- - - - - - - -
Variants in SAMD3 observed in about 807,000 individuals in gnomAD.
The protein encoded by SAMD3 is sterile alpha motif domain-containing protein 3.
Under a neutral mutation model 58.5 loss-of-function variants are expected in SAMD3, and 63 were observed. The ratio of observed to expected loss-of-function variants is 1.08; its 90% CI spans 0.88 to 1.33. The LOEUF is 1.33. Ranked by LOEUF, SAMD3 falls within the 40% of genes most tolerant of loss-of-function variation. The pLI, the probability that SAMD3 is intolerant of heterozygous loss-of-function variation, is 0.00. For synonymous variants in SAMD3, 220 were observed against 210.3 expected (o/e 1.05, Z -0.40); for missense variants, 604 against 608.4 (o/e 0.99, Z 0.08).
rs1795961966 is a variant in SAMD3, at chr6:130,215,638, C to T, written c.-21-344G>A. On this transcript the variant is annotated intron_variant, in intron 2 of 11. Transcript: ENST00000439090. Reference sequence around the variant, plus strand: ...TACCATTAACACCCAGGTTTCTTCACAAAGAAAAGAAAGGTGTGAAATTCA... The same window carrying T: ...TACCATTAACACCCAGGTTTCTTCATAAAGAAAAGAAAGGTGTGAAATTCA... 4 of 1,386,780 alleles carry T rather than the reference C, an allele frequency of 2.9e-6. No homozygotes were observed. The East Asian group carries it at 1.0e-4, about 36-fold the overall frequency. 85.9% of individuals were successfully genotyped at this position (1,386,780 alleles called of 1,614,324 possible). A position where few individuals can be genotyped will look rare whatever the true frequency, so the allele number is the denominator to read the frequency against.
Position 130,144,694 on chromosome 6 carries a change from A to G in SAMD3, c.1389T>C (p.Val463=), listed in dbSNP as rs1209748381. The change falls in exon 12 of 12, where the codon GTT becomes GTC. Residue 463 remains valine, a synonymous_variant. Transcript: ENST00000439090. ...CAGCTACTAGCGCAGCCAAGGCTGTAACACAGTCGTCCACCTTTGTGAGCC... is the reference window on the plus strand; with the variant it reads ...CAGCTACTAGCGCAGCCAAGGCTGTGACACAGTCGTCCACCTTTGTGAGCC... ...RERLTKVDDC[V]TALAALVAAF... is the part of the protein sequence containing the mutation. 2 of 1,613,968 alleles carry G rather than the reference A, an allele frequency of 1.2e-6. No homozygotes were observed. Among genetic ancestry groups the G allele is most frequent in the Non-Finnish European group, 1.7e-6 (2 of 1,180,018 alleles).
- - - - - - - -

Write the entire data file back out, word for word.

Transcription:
Variants in SAMD3 observed in about 807,000 individuals in gnomAD.
The protein encoded by SAMD3 is sterile alpha motif domain-containing protein 3.
Under a neutral mutation model 58.5 loss-of-function variants are expected in SAMD3, and 63 were observed. The ratio of observed to expected loss-of-function variants is 1.08; its 90% CI spans 0.88 to 1.33. The LOEUF is 1.33. Ranked by LOEUF, SAMD3 falls within the 40% of genes most tolerant of loss-of-function variation. The pLI, the probability that SAMD3 is intolerant of heterozygous loss-of-function variation, is 0.00. For synonymous variants in SAMD3, 220 were observed against 210.3 expected (o/e 1.05, Z -0.40); for missense variants, 604 against 608.4 (o/e 0.99, Z 0.08).
rs1795961966 is a variant in SAMD3, at chr6:130,215,638, C to T, written c.-21-344G>A. On this transcript the variant is annotated intron_variant, in intron 2 of 11. Transcript: ENST00000439090. Reference sequence around the variant, plus strand: ...TACCATTAACACCCAGGTTTCTTCACAAAGAAAAGAAAGGTGTGAAATTCA... The same window carrying T: ...TACCATTAACACCCAGGTTTCTTCATAAAGAAAAGAAAGGTGTGAAATTCA... 4 of 1,386,780 alleles carry T rather than the reference C, an allele frequency of 2.9e-6. No homozygotes were observed. The East Asian group carries it at 1.0e-4, about 36-fold the overall frequency. 85.9% of individuals were successfully genotyped at this position (1,386,780 alleles called of 1,614,324 possible). A position where few individuals can be genotyped will look rare whatever the true frequency, so the allele number is the denominator to read the frequency against.
Position 130,144,694 on chromosome 6 carries a change from A to G in SAMD3, c.1389T>C (p.Val463=), listed in dbSNP as rs1209748381. The change falls in exon 12 of 12, where the codon GTT becomes GTC. Residue 463 remains valine, a synonymous_variant. Transcript: ENST00000439090. ...CAGCTACTAGCGCAGCCAAGGCTGTAACACAGTCGTCCACCTTTGTGAGCC... is the reference window on the plus strand; with the variant it reads ...CAGCTACTAGCGCAGCCAAGGCTGTGACACAGTCGTCCACCTTTGTGAGCC... ...RERLTKVDDC[V]TALAALVAAF... is the part of the protein sequence containing the mutation. 2 of 1,613,968 alleles carry G rather than the reference A, an allele frequency of 1.2e-6. No homozygotes were observed. Among genetic ancestry groups the G allele is most frequent in the Non-Finnish European group, 1.7e-6 (2 of 1,180,018 alleles).